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The Florida Department of Transportation isn’t just anti-bicycling and walking road safety programs in Florida, they are against funding them anywhere.

On March 14, just days after bicycling advocates went to Congress asking them to not cut fundingfor bicycling programs (Bike Coalition Director and members among over 20 others from Florida, 600 countrywide) the State of Florida sent its own representative to tell Congress to do just the opposite.

Ananth Prasad, FDOT

Mr. Ananth Prasad is one of the three candidates up for Governor Rick Scott’s consideration as the new State Secretary for the Florida Department of Transportation. He currently holds the title of Assistant Secretary for Engineering & Operations, making him the only ‘in-house’ option. (The other two are Gordon Goodin, owner of Bayside Development, and Thomas Conrecode, VP at Collier Enterprise).

Mr. Prasad spoke on behalf of FDOT/ Governor Scott’s interests at a special hearing before the United States House Committee on Transportation and Infrastructure. The Committee, chaired by Florida’s own Rep. John Mica, is drafting a new transportation bill and thus seeking input from stakeholders across the country. What did our own FDOT representative say? Read the full text of his speech here[PDF].

Some of the items Prasad touched on were clearly positive for Florida, such as his request for more transportation money for Florida, a ‘donor’ state that sends out more gas tax money than it gets back from the federal government. He called for increased investment in public-private partnerships , citing the I-595 Express project and the Port of Miami Tunnel as examples. While that may support Rick Scott’s call for more private sector jobs, there was no mention of the innovative public-private partnerships that would have come about from High Speed Rail or bikeshare.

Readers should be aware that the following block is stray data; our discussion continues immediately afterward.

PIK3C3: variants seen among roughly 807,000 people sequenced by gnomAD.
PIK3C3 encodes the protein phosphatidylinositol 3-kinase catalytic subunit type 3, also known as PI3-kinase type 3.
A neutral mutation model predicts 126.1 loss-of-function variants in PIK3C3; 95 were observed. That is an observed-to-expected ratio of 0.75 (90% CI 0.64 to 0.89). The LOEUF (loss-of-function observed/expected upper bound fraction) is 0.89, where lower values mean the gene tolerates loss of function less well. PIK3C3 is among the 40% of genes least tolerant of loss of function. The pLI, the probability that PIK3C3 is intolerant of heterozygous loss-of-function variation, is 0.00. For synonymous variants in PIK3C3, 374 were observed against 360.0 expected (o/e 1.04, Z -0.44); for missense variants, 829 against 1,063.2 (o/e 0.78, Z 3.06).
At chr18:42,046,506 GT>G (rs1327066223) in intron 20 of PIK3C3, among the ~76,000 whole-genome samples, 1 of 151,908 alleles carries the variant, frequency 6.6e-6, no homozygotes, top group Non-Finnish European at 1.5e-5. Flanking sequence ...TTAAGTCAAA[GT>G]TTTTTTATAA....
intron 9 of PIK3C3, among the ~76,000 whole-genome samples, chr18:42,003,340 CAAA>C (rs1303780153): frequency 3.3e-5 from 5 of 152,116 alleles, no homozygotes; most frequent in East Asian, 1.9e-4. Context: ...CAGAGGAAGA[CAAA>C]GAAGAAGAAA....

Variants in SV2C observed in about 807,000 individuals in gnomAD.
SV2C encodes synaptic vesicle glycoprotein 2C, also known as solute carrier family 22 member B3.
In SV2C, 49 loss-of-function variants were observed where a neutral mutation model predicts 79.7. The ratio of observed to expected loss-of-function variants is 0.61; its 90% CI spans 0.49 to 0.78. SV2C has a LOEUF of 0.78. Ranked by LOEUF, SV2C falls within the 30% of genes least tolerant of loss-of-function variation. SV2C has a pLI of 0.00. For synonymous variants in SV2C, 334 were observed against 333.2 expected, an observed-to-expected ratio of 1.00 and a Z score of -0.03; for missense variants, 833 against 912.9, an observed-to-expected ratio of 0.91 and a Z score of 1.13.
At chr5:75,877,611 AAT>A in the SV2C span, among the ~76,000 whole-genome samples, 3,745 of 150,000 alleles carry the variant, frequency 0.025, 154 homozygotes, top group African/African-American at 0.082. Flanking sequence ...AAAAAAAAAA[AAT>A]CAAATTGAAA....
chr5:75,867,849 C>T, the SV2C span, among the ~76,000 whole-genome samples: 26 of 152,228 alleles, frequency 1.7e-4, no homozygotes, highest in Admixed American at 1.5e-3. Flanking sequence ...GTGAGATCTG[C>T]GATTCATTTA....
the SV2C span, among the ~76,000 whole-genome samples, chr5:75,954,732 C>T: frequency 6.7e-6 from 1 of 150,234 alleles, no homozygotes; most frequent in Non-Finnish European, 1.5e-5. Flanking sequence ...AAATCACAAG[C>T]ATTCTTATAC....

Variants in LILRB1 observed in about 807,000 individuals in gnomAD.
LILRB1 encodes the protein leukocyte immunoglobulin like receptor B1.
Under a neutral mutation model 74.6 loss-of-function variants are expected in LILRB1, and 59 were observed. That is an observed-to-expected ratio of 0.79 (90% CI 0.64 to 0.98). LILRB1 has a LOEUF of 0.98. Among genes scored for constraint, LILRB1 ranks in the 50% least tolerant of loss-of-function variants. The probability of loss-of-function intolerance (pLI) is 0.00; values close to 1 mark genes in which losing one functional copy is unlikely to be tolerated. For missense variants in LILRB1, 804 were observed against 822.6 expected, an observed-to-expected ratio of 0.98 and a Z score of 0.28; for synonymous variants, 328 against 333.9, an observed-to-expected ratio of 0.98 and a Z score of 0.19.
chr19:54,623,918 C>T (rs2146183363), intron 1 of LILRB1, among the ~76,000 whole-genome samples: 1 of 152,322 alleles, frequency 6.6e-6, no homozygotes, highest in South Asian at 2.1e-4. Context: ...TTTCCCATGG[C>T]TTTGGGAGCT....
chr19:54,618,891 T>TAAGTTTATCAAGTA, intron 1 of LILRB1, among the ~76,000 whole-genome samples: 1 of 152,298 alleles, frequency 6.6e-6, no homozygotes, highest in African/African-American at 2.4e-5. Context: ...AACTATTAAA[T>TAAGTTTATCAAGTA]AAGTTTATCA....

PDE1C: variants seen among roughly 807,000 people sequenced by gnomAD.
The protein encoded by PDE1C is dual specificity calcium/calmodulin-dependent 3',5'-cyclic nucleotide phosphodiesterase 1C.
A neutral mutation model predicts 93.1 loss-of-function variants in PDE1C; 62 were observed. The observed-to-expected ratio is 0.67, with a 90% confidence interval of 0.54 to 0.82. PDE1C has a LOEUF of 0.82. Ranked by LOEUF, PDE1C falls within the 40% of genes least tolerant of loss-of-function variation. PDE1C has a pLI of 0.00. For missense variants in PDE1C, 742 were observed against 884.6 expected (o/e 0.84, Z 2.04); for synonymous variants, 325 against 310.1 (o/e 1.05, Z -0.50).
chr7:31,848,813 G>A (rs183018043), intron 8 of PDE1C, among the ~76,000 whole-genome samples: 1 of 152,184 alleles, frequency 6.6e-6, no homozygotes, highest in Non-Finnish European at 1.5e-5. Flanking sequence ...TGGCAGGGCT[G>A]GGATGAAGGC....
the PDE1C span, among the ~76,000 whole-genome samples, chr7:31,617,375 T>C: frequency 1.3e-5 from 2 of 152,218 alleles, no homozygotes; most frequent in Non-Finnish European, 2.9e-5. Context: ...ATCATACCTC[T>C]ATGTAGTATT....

Other requests clearly reflected Governor Scott’s agenda. Prasad supported Scott’s push for fewer regulations by calling for removal of some regulations that he called unnecessary for Florida and by requesting that states be allowed to skip the federal environmental review process and substitute their own. In the midst of calling for a reduction in the number of federal transportation programs, Prasad proclaimed:

We must give serious consideration to whether—when resources and dollars are at a premium—spending money on sidewalks, bike trails, beautification, and other projects like this is the most prudent use of taxpayer money.

Wow. Forget about the “Complete Streets” mandate embedded in Florida Statute that FDOT has to include pedestrian and bicycle facilities into their projects. Nevermind that new bicycling facilities create twice as many jobs as standard road repair work and make streets safer for ALL road users.The way to fuel the economy, according to FDOT, is to move cars faster: